Garlow, pastor of Skyline Church in La Mesa, Calif., called in the troops: their immediate family, extended family and several close friends who had been their support system for her then five-year battle with ovarian cancer. They all gathered around her bedside awaiting the doctor to fill them in on what was next.
“I had no idea this was going on,” Carol Garlow said about the experience. “I had no idea what this doctor was telling my family. He felt like my body was shutting down, or beginning to. I came into the emergency room with some problems, but I didn’t feel like I was close to death,” she added, chuckling at the prognosis.
When she awoke in the mid afternoon, she was confused by the group that had gathered around her bedside and was wondering what was going on.
“All of a sudden they heard from me, ‘Did I miss something?’”
Later she learned that while she was under sedation her husband “just fell apart.”
“If I had been awake I could have fought them on it. ‘No I’m not. I am not dying. I have longer to live than [6 weeks]. I can feel it.’ You know, you can just feel it,” she said in a 90-minute exclusive interview from her El Cajon home where she continues to be treated for the cancer, which has since spread to her liver.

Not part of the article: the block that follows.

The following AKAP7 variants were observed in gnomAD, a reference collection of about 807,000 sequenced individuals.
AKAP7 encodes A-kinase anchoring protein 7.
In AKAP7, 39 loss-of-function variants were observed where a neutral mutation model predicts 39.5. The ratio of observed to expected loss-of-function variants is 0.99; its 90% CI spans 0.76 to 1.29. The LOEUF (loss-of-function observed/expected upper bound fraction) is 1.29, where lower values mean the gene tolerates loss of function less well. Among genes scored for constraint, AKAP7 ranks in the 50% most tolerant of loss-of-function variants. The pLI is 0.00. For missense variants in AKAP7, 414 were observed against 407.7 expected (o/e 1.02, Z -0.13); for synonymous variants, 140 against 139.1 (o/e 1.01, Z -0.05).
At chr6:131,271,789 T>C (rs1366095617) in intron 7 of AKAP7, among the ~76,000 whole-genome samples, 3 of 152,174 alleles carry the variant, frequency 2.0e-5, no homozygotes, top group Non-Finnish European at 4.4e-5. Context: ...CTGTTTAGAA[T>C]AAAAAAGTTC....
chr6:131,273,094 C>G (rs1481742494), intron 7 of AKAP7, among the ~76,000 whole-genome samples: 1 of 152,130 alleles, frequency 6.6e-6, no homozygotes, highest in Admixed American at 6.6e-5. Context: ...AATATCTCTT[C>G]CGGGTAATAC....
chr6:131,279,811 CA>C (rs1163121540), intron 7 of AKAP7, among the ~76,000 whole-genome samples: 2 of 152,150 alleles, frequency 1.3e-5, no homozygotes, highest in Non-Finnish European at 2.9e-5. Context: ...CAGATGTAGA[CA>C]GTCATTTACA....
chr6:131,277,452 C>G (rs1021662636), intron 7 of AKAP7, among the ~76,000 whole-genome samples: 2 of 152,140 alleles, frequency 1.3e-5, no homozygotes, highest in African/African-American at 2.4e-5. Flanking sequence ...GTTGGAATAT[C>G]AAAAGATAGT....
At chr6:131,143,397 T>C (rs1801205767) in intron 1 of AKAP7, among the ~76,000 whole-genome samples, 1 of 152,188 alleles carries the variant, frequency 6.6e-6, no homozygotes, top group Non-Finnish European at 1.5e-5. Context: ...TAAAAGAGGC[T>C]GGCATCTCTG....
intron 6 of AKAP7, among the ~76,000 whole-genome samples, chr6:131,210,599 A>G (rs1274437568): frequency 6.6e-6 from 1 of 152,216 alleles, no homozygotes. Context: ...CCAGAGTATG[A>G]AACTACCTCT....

“The Lord hadn’t spoken to me and said, ‘Carol, you are on your last. I know that He will speak to me and He will say to me, ‘It’s time.’ I haven’t received that yet,” she said.
As has been her pattern since she was diagnosed in July 2007, Carol rallied after her treatment and by that evening was feeling much stronger.
“I was a totally different person than the person who came in the morning,” she said, proudly boasting that she was “ruining the doctor’s pronouncement that I only had [6 weeks] to live.”
“I’ve had these experiences where I’m just really down, I’m really sick, I’m having trouble, and all of a sudden I rise up and I’m strong again and I’m moving forward.”
The cycle has been repeated dozens of times and more frequently in recent months, prompting the family—for the first time ever—to discuss hospice. Just four days before her interview with the Christian Examiner, Carol spent an entire day rolled up in a ball, wracked with pain. She was non-responsive and unable to move around.
“We had a long, hard cry,” Jim Garlow confessed. “I gave her permission to stop fighting. We went through that day and then Monday she rises up and she is fighting again. She’s going for it.”
Read more at The Christian Examiner